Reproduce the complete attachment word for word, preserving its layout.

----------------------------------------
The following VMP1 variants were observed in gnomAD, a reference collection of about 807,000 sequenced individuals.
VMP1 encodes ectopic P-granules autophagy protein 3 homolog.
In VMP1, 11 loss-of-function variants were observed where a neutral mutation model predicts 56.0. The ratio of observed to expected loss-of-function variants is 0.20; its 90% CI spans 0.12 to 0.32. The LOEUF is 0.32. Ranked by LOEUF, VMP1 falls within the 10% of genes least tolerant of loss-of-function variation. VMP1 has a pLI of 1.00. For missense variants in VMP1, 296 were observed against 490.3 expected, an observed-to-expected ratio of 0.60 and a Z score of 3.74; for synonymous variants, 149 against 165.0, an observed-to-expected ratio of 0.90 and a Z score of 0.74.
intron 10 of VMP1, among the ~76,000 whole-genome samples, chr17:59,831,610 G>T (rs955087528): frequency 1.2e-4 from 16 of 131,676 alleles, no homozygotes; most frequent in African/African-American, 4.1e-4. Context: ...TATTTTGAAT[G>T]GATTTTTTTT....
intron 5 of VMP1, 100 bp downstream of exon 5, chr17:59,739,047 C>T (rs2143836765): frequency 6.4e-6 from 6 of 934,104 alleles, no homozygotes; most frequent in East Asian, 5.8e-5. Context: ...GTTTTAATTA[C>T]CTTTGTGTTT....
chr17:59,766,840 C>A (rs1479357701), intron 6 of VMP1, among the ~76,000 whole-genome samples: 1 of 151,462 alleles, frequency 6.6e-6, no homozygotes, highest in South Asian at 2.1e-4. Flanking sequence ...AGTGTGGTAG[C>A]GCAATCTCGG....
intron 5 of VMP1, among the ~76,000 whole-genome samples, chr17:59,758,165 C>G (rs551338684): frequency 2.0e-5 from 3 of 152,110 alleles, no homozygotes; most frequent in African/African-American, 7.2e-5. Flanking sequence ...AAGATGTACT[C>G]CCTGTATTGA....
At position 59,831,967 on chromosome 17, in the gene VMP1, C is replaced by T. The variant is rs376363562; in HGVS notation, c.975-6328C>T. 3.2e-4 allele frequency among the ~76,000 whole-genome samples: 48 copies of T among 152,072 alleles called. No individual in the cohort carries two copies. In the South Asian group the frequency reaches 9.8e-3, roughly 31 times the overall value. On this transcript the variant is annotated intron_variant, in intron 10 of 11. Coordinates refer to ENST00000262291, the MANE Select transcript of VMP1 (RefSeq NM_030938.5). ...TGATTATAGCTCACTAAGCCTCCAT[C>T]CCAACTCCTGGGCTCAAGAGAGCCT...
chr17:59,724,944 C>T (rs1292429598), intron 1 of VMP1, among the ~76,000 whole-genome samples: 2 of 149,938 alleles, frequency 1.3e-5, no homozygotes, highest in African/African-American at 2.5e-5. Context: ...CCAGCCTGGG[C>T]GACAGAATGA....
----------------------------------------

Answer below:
The following VMP1 variants were observed in gnomAD, a reference collection of about 807,000 sequenced individuals.
VMP1 encodes ectopic P-granules autophagy protein 3 homolog.
In VMP1, 11 loss-of-function variants were observed where a neutral mutation model predicts 56.0. The ratio of observed to expected loss-of-function variants is 0.20; its 90% CI spans 0.12 to 0.32. The LOEUF is 0.32. Ranked by LOEUF, VMP1 falls within the 10% of genes least tolerant of loss-of-function variation. VMP1 has a pLI of 1.00. For missense variants in VMP1, 296 were observed against 490.3 expected, an observed-to-expected ratio of 0.60 and a Z score of 3.74; for synonymous variants, 149 against 165.0, an observed-to-expected ratio of 0.90 and a Z score of 0.74.
intron 10 of VMP1, among the ~76,000 whole-genome samples, chr17:59,831,610 G>T (rs955087528): frequency 1.2e-4 from 16 of 131,676 alleles, no homozygotes; most frequent in African/African-American, 4.1e-4. Context: ...TATTTTGAAT[G>T]GATTTTTTTT....
intron 5 of VMP1, 100 bp downstream of exon 5, chr17:59,739,047 C>T (rs2143836765): frequency 6.4e-6 from 6 of 934,104 alleles, no homozygotes; most frequent in East Asian, 5.8e-5. Context: ...GTTTTAATTA[C>T]CTTTGTGTTT....
chr17:59,766,840 C>A (rs1479357701), intron 6 of VMP1, among the ~76,000 whole-genome samples: 1 of 151,462 alleles, frequency 6.6e-6, no homozygotes, highest in South Asian at 2.1e-4. Flanking sequence ...AGTGTGGTAG[C>A]GCAATCTCGG....
intron 5 of VMP1, among the ~76,000 whole-genome samples, chr17:59,758,165 C>G (rs551338684): frequency 2.0e-5 from 3 of 152,110 alleles, no homozygotes; most frequent in African/African-American, 7.2e-5. Flanking sequence ...AAGATGTACT[C>G]CCTGTATTGA....
At position 59,831,967 on chromosome 17, in the gene VMP1, C is replaced by T. The variant is rs376363562; in HGVS notation, c.975-6328C>T. 3.2e-4 allele frequency among the ~76,000 whole-genome samples: 48 copies of T among 152,072 alleles called. No individual in the cohort carries two copies. In the South Asian group the frequency reaches 9.8e-3, roughly 31 times the overall value. On this transcript the variant is annotated intron_variant, in intron 10 of 11. Coordinates refer to ENST00000262291, the MANE Select transcript of VMP1 (RefSeq NM_030938.5). ...TGATTATAGCTCACTAAGCCTCCAT[C>T]CCAACTCCTGGGCTCAAGAGAGCCT...
chr17:59,724,944 C>T (rs1292429598), intron 1 of VMP1, among the ~76,000 whole-genome samples: 2 of 149,938 alleles, frequency 1.3e-5, no homozygotes, highest in African/African-American at 2.5e-5. Context: ...CCAGCCTGGG[C>T]GACAGAATGA....